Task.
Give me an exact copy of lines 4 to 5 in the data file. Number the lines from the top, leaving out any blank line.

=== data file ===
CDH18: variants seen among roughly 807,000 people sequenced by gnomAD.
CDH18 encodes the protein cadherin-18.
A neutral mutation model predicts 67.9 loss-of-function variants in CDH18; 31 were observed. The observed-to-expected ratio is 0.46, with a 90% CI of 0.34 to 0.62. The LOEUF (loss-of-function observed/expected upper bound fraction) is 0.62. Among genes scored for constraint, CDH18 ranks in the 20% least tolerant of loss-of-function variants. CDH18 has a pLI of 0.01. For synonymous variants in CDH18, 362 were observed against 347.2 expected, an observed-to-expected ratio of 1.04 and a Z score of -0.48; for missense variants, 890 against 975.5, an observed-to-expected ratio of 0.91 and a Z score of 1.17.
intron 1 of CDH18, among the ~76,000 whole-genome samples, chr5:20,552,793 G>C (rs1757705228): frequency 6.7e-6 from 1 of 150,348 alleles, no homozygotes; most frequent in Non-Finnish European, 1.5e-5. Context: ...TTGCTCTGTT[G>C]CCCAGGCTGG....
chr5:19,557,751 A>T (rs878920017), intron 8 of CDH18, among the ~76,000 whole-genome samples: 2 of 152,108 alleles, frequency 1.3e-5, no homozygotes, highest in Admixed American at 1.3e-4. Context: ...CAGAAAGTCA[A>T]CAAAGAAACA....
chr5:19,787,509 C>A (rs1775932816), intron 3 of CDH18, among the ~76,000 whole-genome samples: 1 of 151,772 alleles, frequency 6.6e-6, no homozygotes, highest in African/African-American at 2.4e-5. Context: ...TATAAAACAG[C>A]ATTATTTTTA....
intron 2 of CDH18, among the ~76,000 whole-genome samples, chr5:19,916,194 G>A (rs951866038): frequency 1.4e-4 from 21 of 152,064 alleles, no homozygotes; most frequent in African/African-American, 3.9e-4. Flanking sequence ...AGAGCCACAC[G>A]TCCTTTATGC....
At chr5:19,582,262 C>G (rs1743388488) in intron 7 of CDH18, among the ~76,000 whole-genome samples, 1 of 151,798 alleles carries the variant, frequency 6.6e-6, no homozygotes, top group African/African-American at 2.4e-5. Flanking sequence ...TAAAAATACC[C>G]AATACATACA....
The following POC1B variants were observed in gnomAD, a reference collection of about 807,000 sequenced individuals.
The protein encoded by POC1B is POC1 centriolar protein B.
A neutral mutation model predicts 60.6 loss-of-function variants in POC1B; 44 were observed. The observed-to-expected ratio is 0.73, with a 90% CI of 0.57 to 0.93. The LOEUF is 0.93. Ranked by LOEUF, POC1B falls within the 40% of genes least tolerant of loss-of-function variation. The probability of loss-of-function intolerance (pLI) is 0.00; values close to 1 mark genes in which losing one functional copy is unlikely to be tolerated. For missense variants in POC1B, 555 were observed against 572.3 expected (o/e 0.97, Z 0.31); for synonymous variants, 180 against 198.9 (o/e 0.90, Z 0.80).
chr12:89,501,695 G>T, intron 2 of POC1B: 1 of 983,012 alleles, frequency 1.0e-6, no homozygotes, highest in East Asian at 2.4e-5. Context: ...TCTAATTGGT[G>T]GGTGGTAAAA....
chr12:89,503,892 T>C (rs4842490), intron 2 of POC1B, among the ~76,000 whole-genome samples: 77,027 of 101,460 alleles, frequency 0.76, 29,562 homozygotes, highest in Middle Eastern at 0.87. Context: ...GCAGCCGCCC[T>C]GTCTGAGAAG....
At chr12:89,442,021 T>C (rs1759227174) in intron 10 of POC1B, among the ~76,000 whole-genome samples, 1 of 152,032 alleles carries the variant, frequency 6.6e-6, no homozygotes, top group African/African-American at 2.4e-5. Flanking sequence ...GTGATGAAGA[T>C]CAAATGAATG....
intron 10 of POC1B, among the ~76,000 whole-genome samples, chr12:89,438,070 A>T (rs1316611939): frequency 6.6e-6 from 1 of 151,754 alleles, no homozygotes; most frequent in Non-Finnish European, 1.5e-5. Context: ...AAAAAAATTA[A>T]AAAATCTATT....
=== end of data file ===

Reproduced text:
intron 1 of CDH18, among the ~76,000 whole-genome samples, chr5:20,552,793 G>C (rs1757705228): frequency 6.7e-6 from 1 of 150,348 alleles, no homozygotes; most frequent in Non-Finnish European, 1.5e-5. Context: ...TTGCTCTGTT[G>C]CCCAGGCTGG....
chr5:19,557,751 A>T (rs878920017), intron 8 of CDH18, among the ~76,000 whole-genome samples: 2 of 152,108 alleles, frequency 1.3e-5, no homozygotes, highest in Admixed American at 1.3e-4. Context: ...CAGAAAGTCA[A>T]CAAAGAAACA....